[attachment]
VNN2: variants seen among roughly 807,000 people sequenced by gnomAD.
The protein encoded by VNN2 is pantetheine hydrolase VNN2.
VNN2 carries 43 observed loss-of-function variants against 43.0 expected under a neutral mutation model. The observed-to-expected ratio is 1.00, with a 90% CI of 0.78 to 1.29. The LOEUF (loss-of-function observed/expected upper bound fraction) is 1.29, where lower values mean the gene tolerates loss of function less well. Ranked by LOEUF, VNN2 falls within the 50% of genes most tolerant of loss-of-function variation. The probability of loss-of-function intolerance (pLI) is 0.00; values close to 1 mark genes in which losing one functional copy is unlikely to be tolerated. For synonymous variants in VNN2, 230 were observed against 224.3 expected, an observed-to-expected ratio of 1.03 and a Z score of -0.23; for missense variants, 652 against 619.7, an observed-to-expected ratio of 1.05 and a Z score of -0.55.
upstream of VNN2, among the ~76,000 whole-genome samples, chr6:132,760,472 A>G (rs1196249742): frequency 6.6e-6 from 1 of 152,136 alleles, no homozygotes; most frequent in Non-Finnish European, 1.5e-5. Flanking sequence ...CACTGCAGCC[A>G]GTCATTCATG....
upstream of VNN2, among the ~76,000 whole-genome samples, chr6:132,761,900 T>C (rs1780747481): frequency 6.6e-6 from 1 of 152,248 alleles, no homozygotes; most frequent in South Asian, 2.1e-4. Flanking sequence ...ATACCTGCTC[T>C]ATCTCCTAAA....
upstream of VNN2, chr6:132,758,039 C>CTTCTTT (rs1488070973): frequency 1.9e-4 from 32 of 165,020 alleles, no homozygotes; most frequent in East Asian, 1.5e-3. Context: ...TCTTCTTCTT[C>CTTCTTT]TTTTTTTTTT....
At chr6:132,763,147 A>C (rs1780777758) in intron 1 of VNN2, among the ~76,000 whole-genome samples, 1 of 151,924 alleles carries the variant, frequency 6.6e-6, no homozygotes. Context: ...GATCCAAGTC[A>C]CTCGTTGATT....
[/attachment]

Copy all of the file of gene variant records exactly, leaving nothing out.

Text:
VNN2: variants seen among roughly 807,000 people sequenced by gnomAD.
The protein encoded by VNN2 is pantetheine hydrolase VNN2.
VNN2 carries 43 observed loss-of-function variants against 43.0 expected under a neutral mutation model. The observed-to-expected ratio is 1.00, with a 90% CI of 0.78 to 1.29. The LOEUF (loss-of-function observed/expected upper bound fraction) is 1.29, where lower values mean the gene tolerates loss of function less well. Ranked by LOEUF, VNN2 falls within the 50% of genes most tolerant of loss-of-function variation. The probability of loss-of-function intolerance (pLI) is 0.00; values close to 1 mark genes in which losing one functional copy is unlikely to be tolerated. For synonymous variants in VNN2, 230 were observed against 224.3 expected, an observed-to-expected ratio of 1.03 and a Z score of -0.23; for missense variants, 652 against 619.7, an observed-to-expected ratio of 1.05 and a Z score of -0.55.
upstream of VNN2, among the ~76,000 whole-genome samples, chr6:132,760,472 A>G (rs1196249742): frequency 6.6e-6 from 1 of 152,136 alleles, no homozygotes; most frequent in Non-Finnish European, 1.5e-5. Flanking sequence ...CACTGCAGCC[A>G]GTCATTCATG....
upstream of VNN2, among the ~76,000 whole-genome samples, chr6:132,761,900 T>C (rs1780747481): frequency 6.6e-6 from 1 of 152,248 alleles, no homozygotes; most frequent in South Asian, 2.1e-4. Flanking sequence ...ATACCTGCTC[T>C]ATCTCCTAAA....
upstream of VNN2, chr6:132,758,039 C>CTTCTTT (rs1488070973): frequency 1.9e-4 from 32 of 165,020 alleles, no homozygotes; most frequent in East Asian, 1.5e-3. Context: ...TCTTCTTCTT[C>CTTCTTT]TTTTTTTTTT....
At chr6:132,763,147 A>C (rs1780777758) in intron 1 of VNN2, among the ~76,000 whole-genome samples, 1 of 151,924 alleles carries the variant, frequency 6.6e-6, no homozygotes. Context: ...GATCCAAGTC[A>C]CTCGTTGATT....